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When an expert speaks, do you listen?

So many experts.

Which one do you listen to?

When you listen, does it make a difference? When you hear something contrary to your opinion, do you go out and find an “expert” who supports your point of view, so you can proceed along a path you’ve convinced yourself is right?

The topic of proposed developments on Reservoir Hill remains hot, with proponents pushing to have a ski lift installed on the hill, as well advocating amenities such as zip lines and alpine coasters, observation towers and hot air balloon concessions. Proponents also champion a project to enhance the existing festival site on the hill, with attendant road improvements, but often this notion is linked to the amenities noted above — and in particular the ski lift — with the caveat that development must “cash flow” in order for the amphitheater project to go.

We think not. As do others.

One of them, a true expert.

Last week, Davey Pitcher, from Wolf Creek Ski Area, again notified the Town Council of his opinion regarding the proposed ski lift. As in: Don’t do it.

Pitcher tendered this advice once before, but the council chose to ignore it, or misinterpret it, and proceed ahead with purchase of a lift once used at the Cuchara Ski Area.

Now, Pitcher has given the council another opportunity to consider his reasons for stating that he and Wolf Creek want no part of the proposed lift project. Those reasons include concerns about terrain and its limitations when it comes to skiing. He also stated concerns about potential liability and visual impacts on the hill should ski trails be cut, and highlighted a number of well-documented points concerning the cost of running a lift — many of which might not be considered by someone with less experience.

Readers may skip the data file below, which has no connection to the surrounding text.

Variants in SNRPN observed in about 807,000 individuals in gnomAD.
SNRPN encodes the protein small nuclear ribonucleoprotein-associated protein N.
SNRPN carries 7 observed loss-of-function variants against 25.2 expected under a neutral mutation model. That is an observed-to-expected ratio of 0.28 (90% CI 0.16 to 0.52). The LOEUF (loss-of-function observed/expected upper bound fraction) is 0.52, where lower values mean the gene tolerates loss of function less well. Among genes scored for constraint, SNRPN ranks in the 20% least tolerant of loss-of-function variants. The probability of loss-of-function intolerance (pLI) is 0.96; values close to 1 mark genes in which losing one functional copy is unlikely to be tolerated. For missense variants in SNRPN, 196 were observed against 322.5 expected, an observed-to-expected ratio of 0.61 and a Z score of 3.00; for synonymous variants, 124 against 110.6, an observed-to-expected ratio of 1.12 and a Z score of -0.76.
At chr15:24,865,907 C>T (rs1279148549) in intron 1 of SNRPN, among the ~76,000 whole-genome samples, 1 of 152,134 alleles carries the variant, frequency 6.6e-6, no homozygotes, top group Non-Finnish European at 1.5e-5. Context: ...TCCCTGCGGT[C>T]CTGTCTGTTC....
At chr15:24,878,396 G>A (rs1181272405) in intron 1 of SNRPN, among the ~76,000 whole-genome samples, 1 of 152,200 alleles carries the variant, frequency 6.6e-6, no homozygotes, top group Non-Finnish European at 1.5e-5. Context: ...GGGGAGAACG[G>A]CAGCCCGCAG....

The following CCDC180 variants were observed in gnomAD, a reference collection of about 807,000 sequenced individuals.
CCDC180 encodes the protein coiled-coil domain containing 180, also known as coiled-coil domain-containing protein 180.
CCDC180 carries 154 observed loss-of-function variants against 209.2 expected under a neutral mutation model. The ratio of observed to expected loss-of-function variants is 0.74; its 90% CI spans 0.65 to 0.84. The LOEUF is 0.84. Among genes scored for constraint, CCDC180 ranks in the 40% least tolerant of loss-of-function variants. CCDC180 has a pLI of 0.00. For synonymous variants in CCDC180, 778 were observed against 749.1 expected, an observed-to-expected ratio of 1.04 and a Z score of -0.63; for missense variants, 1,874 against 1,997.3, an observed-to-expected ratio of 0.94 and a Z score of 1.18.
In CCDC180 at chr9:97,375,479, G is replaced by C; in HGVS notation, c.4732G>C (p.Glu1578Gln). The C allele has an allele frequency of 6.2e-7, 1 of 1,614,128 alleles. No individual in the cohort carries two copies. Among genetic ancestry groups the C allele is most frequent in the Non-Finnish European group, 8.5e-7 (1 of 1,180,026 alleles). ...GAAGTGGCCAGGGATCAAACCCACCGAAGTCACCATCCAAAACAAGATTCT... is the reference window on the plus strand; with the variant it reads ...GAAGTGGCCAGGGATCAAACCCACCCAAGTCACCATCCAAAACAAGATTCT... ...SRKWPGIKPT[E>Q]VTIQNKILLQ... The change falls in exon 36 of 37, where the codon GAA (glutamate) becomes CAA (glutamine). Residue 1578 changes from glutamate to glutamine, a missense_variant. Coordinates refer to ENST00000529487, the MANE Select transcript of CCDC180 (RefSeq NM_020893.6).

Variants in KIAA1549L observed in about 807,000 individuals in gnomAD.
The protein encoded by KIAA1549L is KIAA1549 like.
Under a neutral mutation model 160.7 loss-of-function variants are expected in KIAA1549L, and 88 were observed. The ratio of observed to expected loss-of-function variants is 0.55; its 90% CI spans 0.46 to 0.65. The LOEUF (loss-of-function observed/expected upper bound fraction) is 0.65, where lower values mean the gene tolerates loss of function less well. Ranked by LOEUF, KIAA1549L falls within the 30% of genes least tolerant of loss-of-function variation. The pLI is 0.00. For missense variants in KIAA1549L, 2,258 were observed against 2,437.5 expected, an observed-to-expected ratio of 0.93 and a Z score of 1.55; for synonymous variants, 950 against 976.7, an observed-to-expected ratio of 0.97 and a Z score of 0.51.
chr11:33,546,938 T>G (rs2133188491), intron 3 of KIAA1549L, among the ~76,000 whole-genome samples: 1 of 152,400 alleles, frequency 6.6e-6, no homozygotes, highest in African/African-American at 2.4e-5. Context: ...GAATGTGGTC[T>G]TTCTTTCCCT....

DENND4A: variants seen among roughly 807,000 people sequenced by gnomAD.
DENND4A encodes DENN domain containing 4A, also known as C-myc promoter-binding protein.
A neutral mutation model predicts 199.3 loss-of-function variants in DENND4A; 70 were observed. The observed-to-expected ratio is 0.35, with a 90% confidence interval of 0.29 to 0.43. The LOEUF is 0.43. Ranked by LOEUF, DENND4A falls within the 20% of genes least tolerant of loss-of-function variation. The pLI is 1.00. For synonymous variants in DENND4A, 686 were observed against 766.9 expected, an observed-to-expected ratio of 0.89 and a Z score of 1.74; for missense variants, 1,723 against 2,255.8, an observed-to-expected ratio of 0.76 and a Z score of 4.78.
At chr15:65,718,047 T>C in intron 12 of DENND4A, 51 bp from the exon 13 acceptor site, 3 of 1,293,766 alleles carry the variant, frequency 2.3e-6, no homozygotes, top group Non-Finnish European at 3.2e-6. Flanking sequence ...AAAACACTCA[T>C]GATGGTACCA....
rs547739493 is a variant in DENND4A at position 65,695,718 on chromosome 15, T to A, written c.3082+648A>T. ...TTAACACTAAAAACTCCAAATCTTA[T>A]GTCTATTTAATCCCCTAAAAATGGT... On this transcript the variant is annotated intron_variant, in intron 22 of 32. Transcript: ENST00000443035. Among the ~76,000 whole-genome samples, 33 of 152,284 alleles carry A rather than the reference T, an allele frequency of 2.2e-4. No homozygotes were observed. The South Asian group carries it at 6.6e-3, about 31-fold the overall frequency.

He made points regarding the possibility of, and problems involved with, night skiing on the hill and the water and noise problems associated with snowmaking operations.

Also noted were concerns about the lift itself — about whether it is long enough for the site and use, about the difficulty with mechanics involved with the uphill/downhill transport use envisioned by proponents, and about permitting and inspection requirements.

Pitcher made clear his desire to see the community prosper and said that he does not believe the proposed lift on the hill will hasten that prosperity, casting it as an amenity that will burden the town with debt and ongoing, steep costs. In his letter to the council, Pitcher wrote, “In no way do I see this vision of Reservoir Hill as either supported by the community or having a chance of success.”

He advised the town to sell the lift, as soon as possible.

The Town Council ignored the advice of this expert once before. It, and project proponents, have likewise ignored rising opposition to most aspects of the Reservoir Hill development scheme and appear to be moving ahead with some form of implementation.

We have expressed the opinion several times that the only projects on the hill worthy of consideration — and likely to be productive in the future — are improvement of the festival site, road and trail system. The remaining proposals are the products of a committee system allowed to run relatively untethered, spending enormous sums of public money with little actual accountability and oversight.

Fix the road. Improve the festival site. Determine whether there are realistic possibilities for creation of an amphitheater on the hill and the infrastructure needed to support it. Look at grants, look to use of capital improvement funds over an extended period of time.

And listen to the experts.

One has spoken, clearly, on the topic of the lift.

Do you hear him?

Karl Isberg

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